British Prime Minister Boris Johnson received a fresh blow on Saturday when senior minister Amber Rudd quit her post of work and pensions secretary in protest at his handling of the Brexit crisis.
"I have resigned from Cabinet and surrendered the Conservative Whip," Rudd tweeted.
"I cannot stand by as good, loyal moderate Conservatives are expelled," she said referring to Johnson's decision to expel 21 MPs from the Conservative party for voting against the government. These 21 Tory MPS had backed a parliamentary bill to stop a no-deal Brexit.
In her resignation letter, she accused the prime minister of "an assault on decency and democracy" and "an act of political vandalism".
These MPs had been stripped of the whip from Conservative party which means explusion from the party.
Rudd said: "This short-sighted culling of my colleagues has stripped the party of broad-minded and dedicated Conservative MPs. I cannot support this act of political vandalism."
Rudd’s decision follows the resignation from the cabinet of Johnson’s own brother, Jo Johnson on Thursday.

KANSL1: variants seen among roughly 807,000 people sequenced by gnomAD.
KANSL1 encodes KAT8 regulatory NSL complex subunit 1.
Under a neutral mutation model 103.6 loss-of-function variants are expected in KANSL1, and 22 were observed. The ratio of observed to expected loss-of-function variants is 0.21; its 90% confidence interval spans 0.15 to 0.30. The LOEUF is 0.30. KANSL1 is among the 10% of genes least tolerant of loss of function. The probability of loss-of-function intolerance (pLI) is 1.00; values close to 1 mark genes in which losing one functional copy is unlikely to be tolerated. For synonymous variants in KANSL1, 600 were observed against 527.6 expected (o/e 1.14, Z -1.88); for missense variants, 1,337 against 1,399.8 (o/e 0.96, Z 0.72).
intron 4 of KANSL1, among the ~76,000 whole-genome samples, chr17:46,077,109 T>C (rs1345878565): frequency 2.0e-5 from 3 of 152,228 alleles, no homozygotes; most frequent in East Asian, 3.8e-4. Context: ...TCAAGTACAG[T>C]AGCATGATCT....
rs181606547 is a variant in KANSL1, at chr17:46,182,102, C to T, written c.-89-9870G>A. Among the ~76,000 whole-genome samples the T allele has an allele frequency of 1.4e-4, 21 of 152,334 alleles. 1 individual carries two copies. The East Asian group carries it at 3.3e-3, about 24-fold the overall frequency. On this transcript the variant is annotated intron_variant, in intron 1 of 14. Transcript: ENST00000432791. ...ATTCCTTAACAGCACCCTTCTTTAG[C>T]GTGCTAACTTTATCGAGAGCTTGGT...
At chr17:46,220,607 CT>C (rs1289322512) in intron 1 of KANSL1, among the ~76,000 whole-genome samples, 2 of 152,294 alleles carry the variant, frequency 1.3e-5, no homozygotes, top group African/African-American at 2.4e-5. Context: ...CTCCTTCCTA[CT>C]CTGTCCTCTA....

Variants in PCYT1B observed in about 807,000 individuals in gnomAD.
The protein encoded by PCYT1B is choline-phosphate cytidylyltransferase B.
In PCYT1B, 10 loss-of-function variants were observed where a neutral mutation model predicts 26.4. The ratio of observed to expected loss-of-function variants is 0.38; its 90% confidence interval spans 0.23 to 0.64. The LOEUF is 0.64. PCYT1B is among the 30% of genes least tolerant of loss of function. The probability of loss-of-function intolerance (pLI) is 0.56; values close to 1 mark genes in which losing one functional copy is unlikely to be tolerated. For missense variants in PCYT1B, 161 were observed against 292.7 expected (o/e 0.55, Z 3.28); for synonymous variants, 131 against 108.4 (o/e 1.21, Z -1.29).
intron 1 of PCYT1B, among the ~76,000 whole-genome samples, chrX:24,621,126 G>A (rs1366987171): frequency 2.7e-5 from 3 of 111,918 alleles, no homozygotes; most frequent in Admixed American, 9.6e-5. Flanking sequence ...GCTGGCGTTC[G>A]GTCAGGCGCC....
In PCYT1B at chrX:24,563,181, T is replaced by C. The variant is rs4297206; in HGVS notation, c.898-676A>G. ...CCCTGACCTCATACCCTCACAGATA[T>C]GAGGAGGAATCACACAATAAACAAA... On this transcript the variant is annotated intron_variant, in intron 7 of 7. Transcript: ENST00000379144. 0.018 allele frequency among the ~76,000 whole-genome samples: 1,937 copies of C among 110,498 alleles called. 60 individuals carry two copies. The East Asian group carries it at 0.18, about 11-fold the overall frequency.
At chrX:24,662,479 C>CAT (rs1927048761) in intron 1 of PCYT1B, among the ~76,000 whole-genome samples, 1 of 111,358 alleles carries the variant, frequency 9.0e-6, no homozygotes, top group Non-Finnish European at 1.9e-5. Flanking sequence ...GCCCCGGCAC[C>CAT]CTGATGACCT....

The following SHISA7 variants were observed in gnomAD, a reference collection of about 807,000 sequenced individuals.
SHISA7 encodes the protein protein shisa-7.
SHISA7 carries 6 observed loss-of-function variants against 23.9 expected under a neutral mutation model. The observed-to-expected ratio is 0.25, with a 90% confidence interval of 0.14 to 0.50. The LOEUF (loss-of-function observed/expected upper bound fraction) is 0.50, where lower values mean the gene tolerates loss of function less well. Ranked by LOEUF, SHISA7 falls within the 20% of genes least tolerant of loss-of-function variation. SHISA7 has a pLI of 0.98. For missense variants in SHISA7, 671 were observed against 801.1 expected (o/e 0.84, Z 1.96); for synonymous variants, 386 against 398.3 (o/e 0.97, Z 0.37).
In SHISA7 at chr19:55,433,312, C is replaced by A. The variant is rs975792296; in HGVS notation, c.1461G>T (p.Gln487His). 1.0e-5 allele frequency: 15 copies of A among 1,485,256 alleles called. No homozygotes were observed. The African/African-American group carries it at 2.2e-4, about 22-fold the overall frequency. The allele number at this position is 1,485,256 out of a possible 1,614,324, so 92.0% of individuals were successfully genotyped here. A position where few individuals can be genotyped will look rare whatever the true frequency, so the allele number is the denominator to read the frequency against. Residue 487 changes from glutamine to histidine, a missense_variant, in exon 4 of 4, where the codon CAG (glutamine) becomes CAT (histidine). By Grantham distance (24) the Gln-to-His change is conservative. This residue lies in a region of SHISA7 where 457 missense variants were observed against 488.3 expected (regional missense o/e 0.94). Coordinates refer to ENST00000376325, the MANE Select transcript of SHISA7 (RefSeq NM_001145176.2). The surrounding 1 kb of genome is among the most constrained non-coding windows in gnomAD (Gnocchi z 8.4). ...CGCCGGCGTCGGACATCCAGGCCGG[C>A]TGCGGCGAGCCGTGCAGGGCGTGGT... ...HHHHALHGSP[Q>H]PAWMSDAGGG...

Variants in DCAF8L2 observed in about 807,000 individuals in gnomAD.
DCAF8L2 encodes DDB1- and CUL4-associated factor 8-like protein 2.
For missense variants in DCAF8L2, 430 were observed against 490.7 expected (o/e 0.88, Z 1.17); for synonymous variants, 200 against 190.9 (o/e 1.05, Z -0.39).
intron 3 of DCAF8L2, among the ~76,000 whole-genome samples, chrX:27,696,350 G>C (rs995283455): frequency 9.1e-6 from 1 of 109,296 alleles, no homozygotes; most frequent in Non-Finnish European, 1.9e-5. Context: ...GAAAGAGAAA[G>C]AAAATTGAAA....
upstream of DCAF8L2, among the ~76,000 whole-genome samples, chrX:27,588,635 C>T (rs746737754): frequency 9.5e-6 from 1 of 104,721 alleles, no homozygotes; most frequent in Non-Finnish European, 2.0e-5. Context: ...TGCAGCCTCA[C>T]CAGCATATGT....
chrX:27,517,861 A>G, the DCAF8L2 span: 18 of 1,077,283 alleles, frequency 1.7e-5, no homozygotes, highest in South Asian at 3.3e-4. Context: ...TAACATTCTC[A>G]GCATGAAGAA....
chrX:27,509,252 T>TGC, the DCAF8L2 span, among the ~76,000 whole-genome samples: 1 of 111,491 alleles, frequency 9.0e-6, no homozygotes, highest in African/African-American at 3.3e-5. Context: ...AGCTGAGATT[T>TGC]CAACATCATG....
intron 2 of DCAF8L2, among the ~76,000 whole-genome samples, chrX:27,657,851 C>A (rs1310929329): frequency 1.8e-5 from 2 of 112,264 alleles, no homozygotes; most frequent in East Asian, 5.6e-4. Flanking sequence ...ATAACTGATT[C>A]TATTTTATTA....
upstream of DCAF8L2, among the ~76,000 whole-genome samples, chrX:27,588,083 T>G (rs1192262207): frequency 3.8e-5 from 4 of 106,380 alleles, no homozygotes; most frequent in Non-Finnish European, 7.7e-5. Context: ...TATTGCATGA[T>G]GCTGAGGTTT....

Rudd told Johnson she had joined his cabinet "in good faith accepting that no deal had to be on the table". She added: "However, I no longer believe leaving with a deal is the government’s main objective."
This is the latest bad news for Johnson in desperate week for the new prime minister. A cross-party group of MPs had earlier succeeded in voting through a bill to block a no-deal Brexit.
Rudd has also surrendered her whip which means she will not be able to stand as a Conservative party candidate in the next election. She has represented Hastings and Rye since 2010 and has one of the smallest majorities in the country, with only 346 votes separating her from her Labour rival in 2017.